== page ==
Life & Culture

Taking a gamble on swipe-to-bet

Two friends have taken a bet on a new business idea


You could say quitting successful jobs to launch a start-up company was a gamble for 30-year-old betting enthusiasts Adam Wilson and Adam Kalmanson.

But for the friends who share more than just a first name, it is exactly what they have done, after eight years in the gaming industry.

“Why break the habit of a lifetime?” says Kalmanson, who not only went to the same primary and secondary school as his friend but the same university too.

In the start-up office of their company, Bookee, a sports betting app which uses a swipe-to-bet technique similar to the dating app Tinder, he confesses the two have “barely been apart”.

Wilson, a former pupil of Haberdashers’ Aske’s School, says: “We were sat on a rooftop in Tel Aviv in February and were sort of at a crossroads in our lives. We had both worked in the industry for eight years and thought, what can we do differently?”

With their entrepreneurial sights firmly set on gaming, the pair began to develop the mobile betting app they say will engage the millennial audience.

“There are more William Hill shops in the UK than there are Starbucks. So betting culture is huge here,” says Kalmanson.

“If you go into the street now, you see people looking at their phones; you have only a tiny second to catch someone’s eye. And we think, the industry has missed out on the opportunity to tap into that and the millennial generation who look at content differently.”

Kalmanson, who is single, says: “Facebook, Instagram, Snapchat, these platforms all push you content. I was probably swiping through Tinder at the time and thought, ‘hang on there is a unique interface here. We can take some elements of this and using our experience, put it together into a product’.”

He says Bookee will make mobile betting more “personal and social” and will introduce betting to a wider audience.

The app presents the user with a randomised “deck” of small-stake bets on a range of sports and other events. Users are given the opportunity to swipe left to discard or right to accept the bet, just as the dating app allows you to pick a suitor. The pair, who often finish each other’s sentences, excitedly talk me through the app on their phones.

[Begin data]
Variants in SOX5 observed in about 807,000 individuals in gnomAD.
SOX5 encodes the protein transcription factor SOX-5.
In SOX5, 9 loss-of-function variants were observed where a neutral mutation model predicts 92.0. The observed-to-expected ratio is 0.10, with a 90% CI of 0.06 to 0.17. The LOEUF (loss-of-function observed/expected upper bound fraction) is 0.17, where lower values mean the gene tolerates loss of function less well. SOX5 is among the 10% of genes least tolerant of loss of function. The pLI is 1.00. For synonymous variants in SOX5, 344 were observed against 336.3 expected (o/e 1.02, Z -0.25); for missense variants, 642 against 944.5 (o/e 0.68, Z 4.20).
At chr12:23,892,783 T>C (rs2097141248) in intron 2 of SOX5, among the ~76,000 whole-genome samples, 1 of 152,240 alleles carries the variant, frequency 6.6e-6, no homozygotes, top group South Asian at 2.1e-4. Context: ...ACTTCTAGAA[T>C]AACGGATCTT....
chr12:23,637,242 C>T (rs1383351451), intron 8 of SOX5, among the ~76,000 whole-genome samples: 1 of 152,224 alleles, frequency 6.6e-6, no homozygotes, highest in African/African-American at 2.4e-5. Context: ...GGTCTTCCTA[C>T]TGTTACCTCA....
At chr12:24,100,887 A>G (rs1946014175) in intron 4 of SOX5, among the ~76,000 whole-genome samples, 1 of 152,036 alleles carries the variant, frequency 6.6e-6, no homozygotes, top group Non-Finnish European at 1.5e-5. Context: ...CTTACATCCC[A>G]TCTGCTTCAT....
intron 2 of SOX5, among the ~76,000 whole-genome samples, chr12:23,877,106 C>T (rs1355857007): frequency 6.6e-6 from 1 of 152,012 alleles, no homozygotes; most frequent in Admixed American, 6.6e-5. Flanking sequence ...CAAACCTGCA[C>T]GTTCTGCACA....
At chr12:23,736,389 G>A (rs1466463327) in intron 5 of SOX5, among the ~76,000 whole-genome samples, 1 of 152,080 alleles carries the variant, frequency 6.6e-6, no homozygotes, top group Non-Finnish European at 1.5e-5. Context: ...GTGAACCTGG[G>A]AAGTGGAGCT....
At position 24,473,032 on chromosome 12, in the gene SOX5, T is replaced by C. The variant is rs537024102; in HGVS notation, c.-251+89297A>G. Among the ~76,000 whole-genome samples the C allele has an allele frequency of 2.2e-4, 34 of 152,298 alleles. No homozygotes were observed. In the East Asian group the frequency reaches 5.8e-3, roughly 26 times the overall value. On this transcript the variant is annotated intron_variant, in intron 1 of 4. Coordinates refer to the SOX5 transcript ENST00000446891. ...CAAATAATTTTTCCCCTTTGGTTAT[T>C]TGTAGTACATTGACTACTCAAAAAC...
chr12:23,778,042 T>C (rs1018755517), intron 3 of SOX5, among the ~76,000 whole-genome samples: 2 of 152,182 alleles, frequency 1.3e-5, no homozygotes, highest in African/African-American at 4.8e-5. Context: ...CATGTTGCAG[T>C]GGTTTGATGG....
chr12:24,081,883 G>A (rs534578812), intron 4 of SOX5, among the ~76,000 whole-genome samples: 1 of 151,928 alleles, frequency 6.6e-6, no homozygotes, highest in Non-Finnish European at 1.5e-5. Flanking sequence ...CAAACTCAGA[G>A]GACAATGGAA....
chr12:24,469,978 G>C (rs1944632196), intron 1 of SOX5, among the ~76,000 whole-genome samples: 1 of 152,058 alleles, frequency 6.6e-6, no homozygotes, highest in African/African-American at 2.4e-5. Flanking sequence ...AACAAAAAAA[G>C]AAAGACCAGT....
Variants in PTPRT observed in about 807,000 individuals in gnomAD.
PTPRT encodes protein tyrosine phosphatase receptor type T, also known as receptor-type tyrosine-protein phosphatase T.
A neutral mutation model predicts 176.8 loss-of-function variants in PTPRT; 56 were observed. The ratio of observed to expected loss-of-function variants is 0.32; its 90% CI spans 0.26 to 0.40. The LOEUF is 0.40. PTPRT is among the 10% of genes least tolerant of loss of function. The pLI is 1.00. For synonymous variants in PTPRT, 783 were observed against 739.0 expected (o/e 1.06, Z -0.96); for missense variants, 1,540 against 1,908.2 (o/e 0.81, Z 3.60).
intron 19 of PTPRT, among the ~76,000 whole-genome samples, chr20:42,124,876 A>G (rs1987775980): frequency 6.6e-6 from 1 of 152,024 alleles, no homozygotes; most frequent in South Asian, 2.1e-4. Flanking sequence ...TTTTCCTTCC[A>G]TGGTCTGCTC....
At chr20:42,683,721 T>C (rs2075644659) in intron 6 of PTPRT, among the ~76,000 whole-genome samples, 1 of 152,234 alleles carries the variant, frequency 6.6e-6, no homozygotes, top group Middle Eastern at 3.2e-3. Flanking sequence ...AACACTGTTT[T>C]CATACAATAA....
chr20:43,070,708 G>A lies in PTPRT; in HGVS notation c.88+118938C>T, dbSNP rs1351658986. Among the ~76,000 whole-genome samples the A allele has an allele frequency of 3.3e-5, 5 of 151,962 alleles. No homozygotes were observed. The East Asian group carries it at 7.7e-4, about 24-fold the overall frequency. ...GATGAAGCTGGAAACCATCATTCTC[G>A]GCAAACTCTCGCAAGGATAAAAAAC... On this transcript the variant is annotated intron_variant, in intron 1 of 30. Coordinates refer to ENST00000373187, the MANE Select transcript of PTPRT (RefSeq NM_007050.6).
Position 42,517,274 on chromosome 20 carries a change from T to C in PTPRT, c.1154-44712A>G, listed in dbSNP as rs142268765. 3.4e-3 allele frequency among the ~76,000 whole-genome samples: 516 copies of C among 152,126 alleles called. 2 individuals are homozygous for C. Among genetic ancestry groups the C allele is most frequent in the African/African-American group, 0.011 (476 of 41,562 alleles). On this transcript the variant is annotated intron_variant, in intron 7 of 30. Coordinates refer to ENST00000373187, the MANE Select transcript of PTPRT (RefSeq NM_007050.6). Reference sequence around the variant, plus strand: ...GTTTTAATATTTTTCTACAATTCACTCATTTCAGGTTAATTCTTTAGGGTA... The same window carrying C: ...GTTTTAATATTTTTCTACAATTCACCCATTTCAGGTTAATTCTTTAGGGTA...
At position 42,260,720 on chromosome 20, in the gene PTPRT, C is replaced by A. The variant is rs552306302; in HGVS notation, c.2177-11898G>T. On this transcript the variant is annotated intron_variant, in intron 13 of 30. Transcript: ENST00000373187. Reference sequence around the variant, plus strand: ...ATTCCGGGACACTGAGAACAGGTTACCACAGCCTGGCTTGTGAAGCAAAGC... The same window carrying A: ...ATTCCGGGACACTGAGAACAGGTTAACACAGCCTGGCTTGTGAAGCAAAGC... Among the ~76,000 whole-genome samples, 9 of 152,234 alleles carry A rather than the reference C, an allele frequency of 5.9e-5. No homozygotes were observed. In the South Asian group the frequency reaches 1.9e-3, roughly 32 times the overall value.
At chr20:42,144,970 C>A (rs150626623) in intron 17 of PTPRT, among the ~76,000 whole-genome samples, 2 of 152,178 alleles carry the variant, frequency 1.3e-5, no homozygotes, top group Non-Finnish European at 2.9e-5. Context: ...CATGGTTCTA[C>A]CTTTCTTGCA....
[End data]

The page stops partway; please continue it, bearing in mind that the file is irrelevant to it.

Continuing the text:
Kalmanson says: “I bet, based only on American football on a Sunday. I’ll have a few bets to make the game more interesting but I’m quite strict about it.”

Wilson says: “I’m the polar opposite; I’m what we call a recreational better but very low-value and I almost never win. I always bet on Tottenham, basically.”

The co-founders, who also went to cheder together, believe that in bringing together gamification and betting, users will no longer have to “trawl through pages searching for specific bets”.

Says Wilson: “We are playing to a recreational market. Everyone else in the industry is operating very much in a search-based environment. We are trying to flip that on its head and be a discover-based environment, where bets are pushed to you.”

With more than 1,000 users on the app since launching, Wilson says it will attract gamblers who “are not that into it but might want to bet on a big game or event. We’re perfect for those people who think ‘I want to bet but let me see what the options are’. It’s a millennial audience, which the industry has always struggled to talk to, probably because of the interface.”

Bookee’s average user is 24 years old — younger than the industry average.

Regulated and licensed by the UK gambling commission, the pair reject the idea that Bookee could encourage younger audiences into an irresponsible betting culture.

Wilson says: “Within the app you have the ability to exclude yourself from using it forever, for a week, for a year, or for a day.

“You have financial controls that you give yourself and the ability to put deposit limits, daily, monthly, weekly, or annually.”

Kalmanson is keen to defend the pursuit, saying: “You go to arcades and people are playing the slot machines. You have TV shows like The Drop; it is all a gamble.

“We’ve grown up in this culture where it’s acceptable. The words are ingrained, ‘I bet you can’t do this, I bet you can’t do that’.

“It was a sort of gamble when we both quit our jobs and it doesn’t have to be a bad thing.”

So do the friends who do everything together ever disagree or fall out?

“Of course,” Wilson says, “we have enormous blazing rows because we both have the same mind-set. We are stubborn Habs boys but then we get over it.”


Set your limits at the start. Gamble only what you can afford to lose. Never chase your losses. Never bet when angry.

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